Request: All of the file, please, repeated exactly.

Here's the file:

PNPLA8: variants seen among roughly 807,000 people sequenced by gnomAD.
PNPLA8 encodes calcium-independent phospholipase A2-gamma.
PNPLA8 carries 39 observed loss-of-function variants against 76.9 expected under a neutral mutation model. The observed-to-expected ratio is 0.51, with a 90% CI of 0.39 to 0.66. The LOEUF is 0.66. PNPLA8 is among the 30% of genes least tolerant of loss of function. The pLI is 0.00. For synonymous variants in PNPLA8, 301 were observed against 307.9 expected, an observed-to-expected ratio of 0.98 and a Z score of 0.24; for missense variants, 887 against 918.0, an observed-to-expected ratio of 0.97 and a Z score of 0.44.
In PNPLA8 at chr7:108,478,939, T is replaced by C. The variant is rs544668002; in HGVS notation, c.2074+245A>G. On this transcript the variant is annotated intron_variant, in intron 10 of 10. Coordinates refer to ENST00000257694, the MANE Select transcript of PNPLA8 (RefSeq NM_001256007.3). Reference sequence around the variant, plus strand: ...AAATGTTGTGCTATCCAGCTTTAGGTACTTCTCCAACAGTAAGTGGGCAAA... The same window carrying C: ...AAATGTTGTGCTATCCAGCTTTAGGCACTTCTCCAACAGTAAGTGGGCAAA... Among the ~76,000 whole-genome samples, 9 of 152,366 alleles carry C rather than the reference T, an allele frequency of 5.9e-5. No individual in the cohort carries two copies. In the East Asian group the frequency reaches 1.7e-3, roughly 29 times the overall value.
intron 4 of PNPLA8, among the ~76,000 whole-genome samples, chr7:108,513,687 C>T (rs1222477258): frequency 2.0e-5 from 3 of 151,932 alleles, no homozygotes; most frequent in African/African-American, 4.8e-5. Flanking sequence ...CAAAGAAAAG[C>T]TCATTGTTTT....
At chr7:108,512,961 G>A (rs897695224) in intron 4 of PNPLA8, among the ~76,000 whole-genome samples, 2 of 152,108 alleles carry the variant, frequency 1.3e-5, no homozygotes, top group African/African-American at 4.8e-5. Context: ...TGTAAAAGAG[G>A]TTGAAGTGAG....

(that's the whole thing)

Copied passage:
PNPLA8: variants seen among roughly 807,000 people sequenced by gnomAD.
PNPLA8 encodes calcium-independent phospholipase A2-gamma.
PNPLA8 carries 39 observed loss-of-function variants against 76.9 expected under a neutral mutation model. The observed-to-expected ratio is 0.51, with a 90% CI of 0.39 to 0.66. The LOEUF is 0.66. PNPLA8 is among the 30% of genes least tolerant of loss of function. The pLI is 0.00. For synonymous variants in PNPLA8, 301 were observed against 307.9 expected, an observed-to-expected ratio of 0.98 and a Z score of 0.24; for missense variants, 887 against 918.0, an observed-to-expected ratio of 0.97 and a Z score of 0.44.
In PNPLA8 at chr7:108,478,939, T is replaced by C. The variant is rs544668002; in HGVS notation, c.2074+245A>G. On this transcript the variant is annotated intron_variant, in intron 10 of 10. Coordinates refer to ENST00000257694, the MANE Select transcript of PNPLA8 (RefSeq NM_001256007.3). Reference sequence around the variant, plus strand: ...AAATGTTGTGCTATCCAGCTTTAGGTACTTCTCCAACAGTAAGTGGGCAAA... The same window carrying C: ...AAATGTTGTGCTATCCAGCTTTAGGCACTTCTCCAACAGTAAGTGGGCAAA... Among the ~76,000 whole-genome samples, 9 of 152,366 alleles carry C rather than the reference T, an allele frequency of 5.9e-5. No individual in the cohort carries two copies. In the East Asian group the frequency reaches 1.7e-3, roughly 29 times the overall value.
intron 4 of PNPLA8, among the ~76,000 whole-genome samples, chr7:108,513,687 C>T (rs1222477258): frequency 2.0e-5 from 3 of 151,932 alleles, no homozygotes; most frequent in African/African-American, 4.8e-5. Flanking sequence ...CAAAGAAAAG[C>T]TCATTGTTTT....
At chr7:108,512,961 G>A (rs897695224) in intron 4 of PNPLA8, among the ~76,000 whole-genome samples, 2 of 152,108 alleles carry the variant, frequency 1.3e-5, no homozygotes, top group African/African-American at 4.8e-5. Context: ...TGTAAAAGAG[G>A]TTGAAGTGAG....